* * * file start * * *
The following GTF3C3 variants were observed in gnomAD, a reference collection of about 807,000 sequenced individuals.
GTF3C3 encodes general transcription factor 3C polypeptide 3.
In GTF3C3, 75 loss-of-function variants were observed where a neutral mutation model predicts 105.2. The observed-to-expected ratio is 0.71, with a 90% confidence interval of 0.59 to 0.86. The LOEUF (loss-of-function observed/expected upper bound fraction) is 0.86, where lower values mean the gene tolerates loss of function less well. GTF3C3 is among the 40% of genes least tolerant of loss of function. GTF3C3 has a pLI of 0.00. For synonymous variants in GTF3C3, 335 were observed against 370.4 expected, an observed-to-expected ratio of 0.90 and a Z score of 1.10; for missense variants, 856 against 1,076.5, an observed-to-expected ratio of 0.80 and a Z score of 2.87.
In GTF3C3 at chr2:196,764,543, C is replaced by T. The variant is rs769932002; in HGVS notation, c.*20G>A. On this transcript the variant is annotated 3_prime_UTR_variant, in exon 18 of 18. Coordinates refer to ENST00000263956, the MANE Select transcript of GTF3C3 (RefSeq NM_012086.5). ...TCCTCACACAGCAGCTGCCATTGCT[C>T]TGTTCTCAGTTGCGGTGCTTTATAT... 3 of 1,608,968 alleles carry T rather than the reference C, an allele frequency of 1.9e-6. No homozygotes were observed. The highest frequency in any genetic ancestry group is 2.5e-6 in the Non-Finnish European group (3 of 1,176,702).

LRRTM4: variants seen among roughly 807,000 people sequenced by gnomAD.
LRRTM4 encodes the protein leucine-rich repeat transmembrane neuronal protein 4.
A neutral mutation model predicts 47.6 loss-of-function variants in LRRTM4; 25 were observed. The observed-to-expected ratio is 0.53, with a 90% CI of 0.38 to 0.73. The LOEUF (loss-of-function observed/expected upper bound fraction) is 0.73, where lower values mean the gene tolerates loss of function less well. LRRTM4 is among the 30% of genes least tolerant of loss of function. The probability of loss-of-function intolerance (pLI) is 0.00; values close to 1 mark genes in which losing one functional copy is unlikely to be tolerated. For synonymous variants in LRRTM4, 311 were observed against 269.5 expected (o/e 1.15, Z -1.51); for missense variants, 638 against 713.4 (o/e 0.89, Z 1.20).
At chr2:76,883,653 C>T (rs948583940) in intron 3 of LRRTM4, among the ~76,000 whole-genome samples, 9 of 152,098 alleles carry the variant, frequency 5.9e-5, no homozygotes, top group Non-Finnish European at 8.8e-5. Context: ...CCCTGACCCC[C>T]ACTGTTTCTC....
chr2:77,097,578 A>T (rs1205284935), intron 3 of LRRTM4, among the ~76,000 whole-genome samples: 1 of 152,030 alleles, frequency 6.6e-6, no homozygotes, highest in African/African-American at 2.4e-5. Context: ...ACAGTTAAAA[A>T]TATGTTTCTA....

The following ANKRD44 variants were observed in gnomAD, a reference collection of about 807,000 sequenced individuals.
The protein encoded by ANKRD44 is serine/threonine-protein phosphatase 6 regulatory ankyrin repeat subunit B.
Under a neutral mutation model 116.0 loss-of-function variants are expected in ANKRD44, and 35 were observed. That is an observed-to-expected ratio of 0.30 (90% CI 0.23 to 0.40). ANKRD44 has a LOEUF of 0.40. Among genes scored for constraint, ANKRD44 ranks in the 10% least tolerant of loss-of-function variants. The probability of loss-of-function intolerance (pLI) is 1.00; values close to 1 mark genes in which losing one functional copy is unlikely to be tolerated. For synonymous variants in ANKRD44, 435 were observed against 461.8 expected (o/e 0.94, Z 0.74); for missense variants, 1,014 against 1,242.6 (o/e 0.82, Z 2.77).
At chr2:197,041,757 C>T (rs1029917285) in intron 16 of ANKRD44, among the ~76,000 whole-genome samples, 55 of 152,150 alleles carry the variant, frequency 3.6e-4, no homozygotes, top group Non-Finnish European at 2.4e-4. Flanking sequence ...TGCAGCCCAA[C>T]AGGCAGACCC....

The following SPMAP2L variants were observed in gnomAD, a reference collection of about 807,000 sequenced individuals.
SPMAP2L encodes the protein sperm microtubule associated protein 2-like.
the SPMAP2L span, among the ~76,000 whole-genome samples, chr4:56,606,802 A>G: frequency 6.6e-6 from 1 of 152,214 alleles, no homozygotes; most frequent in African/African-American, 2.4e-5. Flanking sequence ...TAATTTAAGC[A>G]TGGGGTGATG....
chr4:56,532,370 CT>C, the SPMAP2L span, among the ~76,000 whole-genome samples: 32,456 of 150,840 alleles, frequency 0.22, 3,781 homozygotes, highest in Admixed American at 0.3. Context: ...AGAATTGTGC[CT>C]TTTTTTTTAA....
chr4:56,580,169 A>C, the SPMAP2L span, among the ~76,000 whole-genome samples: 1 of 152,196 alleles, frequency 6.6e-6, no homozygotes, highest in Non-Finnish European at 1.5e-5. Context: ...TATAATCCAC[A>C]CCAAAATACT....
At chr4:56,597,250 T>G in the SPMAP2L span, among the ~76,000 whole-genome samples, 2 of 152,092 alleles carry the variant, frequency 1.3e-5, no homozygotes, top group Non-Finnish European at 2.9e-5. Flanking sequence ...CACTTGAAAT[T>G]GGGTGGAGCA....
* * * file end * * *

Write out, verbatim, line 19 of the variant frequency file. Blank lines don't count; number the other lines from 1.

At chr4:56,597,250 T>G in the SPMAP2L span, among the ~76,000 whole-genome samples, 2 of 152,092 alleles carry the variant, frequency 1.3e-5, no homozygotes, top group Non-Finnish European at 2.9e-5. Flanking sequence ...CACTTGAAAT[T>G]GGGTGGAGCA....